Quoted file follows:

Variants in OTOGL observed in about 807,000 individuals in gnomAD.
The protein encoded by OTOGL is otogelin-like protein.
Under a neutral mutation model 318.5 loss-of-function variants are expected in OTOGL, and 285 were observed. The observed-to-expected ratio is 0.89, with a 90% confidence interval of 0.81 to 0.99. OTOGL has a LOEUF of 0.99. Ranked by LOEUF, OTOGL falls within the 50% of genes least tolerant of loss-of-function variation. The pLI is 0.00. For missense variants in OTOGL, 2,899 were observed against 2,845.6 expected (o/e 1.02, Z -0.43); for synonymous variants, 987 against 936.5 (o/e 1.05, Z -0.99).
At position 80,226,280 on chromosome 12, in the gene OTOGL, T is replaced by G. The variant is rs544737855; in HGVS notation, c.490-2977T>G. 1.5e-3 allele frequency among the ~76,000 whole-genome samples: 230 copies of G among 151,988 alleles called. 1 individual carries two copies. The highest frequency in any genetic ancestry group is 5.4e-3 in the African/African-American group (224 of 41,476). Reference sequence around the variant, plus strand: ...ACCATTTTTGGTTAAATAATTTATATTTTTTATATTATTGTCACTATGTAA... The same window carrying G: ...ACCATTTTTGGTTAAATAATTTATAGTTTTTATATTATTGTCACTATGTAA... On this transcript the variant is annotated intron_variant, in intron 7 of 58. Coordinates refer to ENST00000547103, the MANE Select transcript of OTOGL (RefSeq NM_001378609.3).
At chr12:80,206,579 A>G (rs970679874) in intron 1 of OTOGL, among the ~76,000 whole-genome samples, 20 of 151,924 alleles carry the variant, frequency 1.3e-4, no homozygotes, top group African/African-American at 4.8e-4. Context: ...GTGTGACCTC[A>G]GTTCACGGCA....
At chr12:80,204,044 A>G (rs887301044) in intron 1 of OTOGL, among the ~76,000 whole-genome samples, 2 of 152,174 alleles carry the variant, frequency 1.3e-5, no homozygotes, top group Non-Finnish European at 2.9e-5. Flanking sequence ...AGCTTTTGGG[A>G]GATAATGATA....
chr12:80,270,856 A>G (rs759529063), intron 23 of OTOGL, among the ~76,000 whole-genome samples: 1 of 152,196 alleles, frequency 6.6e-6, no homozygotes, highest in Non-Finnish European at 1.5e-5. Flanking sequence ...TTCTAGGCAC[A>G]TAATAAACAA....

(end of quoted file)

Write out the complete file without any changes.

Variants in OTOGL observed in about 807,000 individuals in gnomAD.
The protein encoded by OTOGL is otogelin-like protein.
Under a neutral mutation model 318.5 loss-of-function variants are expected in OTOGL, and 285 were observed. The observed-to-expected ratio is 0.89, with a 90% confidence interval of 0.81 to 0.99. OTOGL has a LOEUF of 0.99. Ranked by LOEUF, OTOGL falls within the 50% of genes least tolerant of loss-of-function variation. The pLI is 0.00. For missense variants in OTOGL, 2,899 were observed against 2,845.6 expected (o/e 1.02, Z -0.43); for synonymous variants, 987 against 936.5 (o/e 1.05, Z -0.99).
At position 80,226,280 on chromosome 12, in the gene OTOGL, T is replaced by G. The variant is rs544737855; in HGVS notation, c.490-2977T>G. 1.5e-3 allele frequency among the ~76,000 whole-genome samples: 230 copies of G among 151,988 alleles called. 1 individual carries two copies. The highest frequency in any genetic ancestry group is 5.4e-3 in the African/African-American group (224 of 41,476). Reference sequence around the variant, plus strand: ...ACCATTTTTGGTTAAATAATTTATATTTTTTATATTATTGTCACTATGTAA... The same window carrying G: ...ACCATTTTTGGTTAAATAATTTATAGTTTTTATATTATTGTCACTATGTAA... On this transcript the variant is annotated intron_variant, in intron 7 of 58. Coordinates refer to ENST00000547103, the MANE Select transcript of OTOGL (RefSeq NM_001378609.3).
At chr12:80,206,579 A>G (rs970679874) in intron 1 of OTOGL, among the ~76,000 whole-genome samples, 20 of 151,924 alleles carry the variant, frequency 1.3e-4, no homozygotes, top group African/African-American at 4.8e-4. Context: ...GTGTGACCTC[A>G]GTTCACGGCA....
At chr12:80,204,044 A>G (rs887301044) in intron 1 of OTOGL, among the ~76,000 whole-genome samples, 2 of 152,174 alleles carry the variant, frequency 1.3e-5, no homozygotes, top group Non-Finnish European at 2.9e-5. Flanking sequence ...AGCTTTTGGG[A>G]GATAATGATA....
chr12:80,270,856 A>G (rs759529063), intron 23 of OTOGL, among the ~76,000 whole-genome samples: 1 of 152,196 alleles, frequency 6.6e-6, no homozygotes, highest in Non-Finnish European at 1.5e-5. Flanking sequence ...TTCTAGGCAC[A>G]TAATAAACAA....